Celine Sciamma’s remarkably intimate, elegant drama about the bonds between women explores the path of women artists, and how love is fostered when women see and acknowledge one another.
A woman painter in an age (the 18th century) when such women were rare, is hired to paint a portrait of a countess’s daughter, who is living on a windswept island off the coast of Brittany. This is the premise of a film that seems itself like a painting in motion, Portrait of a Lady on Fire, written and directed by Céline Sciamma.
In a brief intro we meet Marianne, played by Noémie Merlant, who is teaching art to a classroom of girls, being asked about the painting which gives the film its name. The rest is flashback. We then see Marianne being taken in a small rowboat to an island, when a large box of her canvases falls overboard. She jumps in and retrieves it, which shows how important art is to her. Then she’s deposited, shivering wet, on shore.
At a large nearby country house, she is let in by the maid Sophie, played by Luàna Bajrami. Eventually she meets the widowed Countess, and learns that her daughter, whose name, we eventually learn, is Héloïse, has been promised in marriage to a gentleman from Milan. He was to be sent a portrait, but Héloïse wouldn’t sit for the previous painter. So the mother is practicing a deception: Marianne is supposedly just there for companionship, to take walks with Héloïse, but her real assignment is to paint the young woman surreptitiously, from memory. More disturbing is the fact that there was another daughter, an older sister, who jumped off a cliff rather than be married off. Héloïse has been summoned from a convent to take her dead sister’s place.
At first, the dramatic tension lies in our wondering whether Héloïse will suspect what Marianne is up to. And just like the painter, we only gradually get to know Héloïse through her voice, face, and gestures. She is played by Adèle Haenel, and hers is a subtle, captivating performance. This woman’s gaze can seem aloof and withholding, but then passion and vulnerability emerge. The film becomes something different and more wonderful: a study of a bond developing between these two women, and how it is tested; the establishment of respect, and trust, and eventually love.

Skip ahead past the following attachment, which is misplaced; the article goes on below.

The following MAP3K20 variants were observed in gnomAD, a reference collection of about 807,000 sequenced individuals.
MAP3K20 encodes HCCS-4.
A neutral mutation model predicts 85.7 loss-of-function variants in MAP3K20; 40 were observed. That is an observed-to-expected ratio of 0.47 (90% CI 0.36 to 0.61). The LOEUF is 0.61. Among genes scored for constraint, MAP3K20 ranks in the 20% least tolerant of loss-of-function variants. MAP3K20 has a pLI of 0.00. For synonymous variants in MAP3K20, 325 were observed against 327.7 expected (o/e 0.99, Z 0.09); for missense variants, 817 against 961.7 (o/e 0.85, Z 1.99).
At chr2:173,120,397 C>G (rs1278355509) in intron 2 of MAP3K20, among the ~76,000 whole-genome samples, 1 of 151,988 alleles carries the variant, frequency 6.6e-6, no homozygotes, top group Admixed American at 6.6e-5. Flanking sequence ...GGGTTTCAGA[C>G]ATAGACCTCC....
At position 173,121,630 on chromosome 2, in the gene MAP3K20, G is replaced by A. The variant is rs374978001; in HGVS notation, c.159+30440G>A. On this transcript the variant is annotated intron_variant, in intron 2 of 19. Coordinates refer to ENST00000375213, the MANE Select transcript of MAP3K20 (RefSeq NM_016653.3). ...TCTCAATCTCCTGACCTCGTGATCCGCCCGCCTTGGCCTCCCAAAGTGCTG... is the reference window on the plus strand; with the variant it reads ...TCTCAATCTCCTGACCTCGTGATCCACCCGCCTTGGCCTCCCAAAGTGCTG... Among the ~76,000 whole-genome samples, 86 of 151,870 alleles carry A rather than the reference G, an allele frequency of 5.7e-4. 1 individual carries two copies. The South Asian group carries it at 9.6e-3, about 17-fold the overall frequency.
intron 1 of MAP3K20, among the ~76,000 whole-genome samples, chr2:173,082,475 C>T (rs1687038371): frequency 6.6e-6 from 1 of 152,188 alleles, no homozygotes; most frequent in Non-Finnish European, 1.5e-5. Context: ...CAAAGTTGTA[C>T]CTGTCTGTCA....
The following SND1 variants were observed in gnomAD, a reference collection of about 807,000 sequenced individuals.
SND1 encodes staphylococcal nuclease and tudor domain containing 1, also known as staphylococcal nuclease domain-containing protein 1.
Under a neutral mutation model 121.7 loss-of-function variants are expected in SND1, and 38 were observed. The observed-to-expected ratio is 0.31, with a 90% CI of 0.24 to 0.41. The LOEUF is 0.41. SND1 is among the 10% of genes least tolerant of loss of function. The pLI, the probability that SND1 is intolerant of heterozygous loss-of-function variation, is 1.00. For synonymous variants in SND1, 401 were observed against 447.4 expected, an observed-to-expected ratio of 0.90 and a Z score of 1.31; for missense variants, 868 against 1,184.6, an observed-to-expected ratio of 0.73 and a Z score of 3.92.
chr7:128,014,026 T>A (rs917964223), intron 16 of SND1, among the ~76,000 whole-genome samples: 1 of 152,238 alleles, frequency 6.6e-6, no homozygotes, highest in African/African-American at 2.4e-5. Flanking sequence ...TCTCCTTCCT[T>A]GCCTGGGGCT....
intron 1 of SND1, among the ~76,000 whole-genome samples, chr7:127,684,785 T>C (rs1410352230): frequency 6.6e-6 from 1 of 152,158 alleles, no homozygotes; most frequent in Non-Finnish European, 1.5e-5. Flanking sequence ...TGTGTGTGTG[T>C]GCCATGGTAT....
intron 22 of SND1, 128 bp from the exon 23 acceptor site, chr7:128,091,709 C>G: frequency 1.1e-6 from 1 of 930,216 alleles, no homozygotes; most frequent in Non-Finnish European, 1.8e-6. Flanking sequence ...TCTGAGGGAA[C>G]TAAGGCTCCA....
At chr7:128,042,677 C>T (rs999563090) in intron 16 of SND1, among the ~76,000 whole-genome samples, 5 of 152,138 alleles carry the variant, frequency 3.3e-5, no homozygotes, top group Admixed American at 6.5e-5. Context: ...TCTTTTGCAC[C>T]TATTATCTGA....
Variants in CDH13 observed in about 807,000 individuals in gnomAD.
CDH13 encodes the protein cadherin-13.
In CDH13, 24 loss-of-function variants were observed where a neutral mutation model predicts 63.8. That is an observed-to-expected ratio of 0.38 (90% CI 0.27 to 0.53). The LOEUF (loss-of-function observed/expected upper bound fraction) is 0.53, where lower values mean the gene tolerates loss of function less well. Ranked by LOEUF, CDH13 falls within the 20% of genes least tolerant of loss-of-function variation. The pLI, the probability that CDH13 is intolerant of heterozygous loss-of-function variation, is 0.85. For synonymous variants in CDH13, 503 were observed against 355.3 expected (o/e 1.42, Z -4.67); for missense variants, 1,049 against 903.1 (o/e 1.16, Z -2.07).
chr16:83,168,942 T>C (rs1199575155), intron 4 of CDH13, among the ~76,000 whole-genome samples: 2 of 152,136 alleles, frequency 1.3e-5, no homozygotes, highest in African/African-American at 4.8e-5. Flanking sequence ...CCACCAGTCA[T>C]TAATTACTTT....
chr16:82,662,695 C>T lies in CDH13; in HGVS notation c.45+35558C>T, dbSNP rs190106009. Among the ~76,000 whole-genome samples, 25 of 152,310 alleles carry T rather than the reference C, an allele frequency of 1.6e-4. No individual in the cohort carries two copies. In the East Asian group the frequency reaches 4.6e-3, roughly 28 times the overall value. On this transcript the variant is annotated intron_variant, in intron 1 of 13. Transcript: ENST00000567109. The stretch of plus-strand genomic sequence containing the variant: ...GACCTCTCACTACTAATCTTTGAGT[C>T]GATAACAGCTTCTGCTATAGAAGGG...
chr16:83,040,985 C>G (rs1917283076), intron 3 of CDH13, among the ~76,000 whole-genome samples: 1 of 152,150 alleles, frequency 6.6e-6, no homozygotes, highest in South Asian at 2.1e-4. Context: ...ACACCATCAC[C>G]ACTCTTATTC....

There is a third woman who joins in this story: the servant, Sophie. The Countess leaves the island for a week, and the three remaining women live in a state of equality. Sophie learns that she is pregnant. Marianne and Héloïse seek to help her out of her predicament, with exercises and herbs, and eventually the services of a village midwife.
Héloïse now knows about the portrait. Maybe she knew all along. Trusting Marianne, she agrees to pose. There is no escaping Héloïse’s fate: because of her family fortune, she must, according to the rules of that age, agree to the marriage. This is a brief time of paradise before the fall. Consolation lies in the belief that happiness lies not in the amount of time together, but in cherished memories. Expanding on this, the film shows the three women reading aloud the myth of Orpheus—how he tried to retrieve his lover, Eurydice, from the underworld—and they explore different ideas of what the myth really means. In a similar way, Céline Sciamma takes the old romances and infuses them with a vision of love and connection that today we know as lesbian, but at that time had no name.
Sciamma uses this period, the 1700s, because it was a time when women’s autonomy, socially and artistically, was more severely restricted. Love is so natural here, yet so secret. The cinematography by Claire Mathon is painterly, vibrant and alive. Sciamma’s direction is precise and elegant. There is no musical score—the emotions occur within a silence that pervaded the daily life of the centuries before ours. Portrait of a Lady on Fire is remarkable for its alert intelligence and intimacy, and for its commitment to the vision of women artists.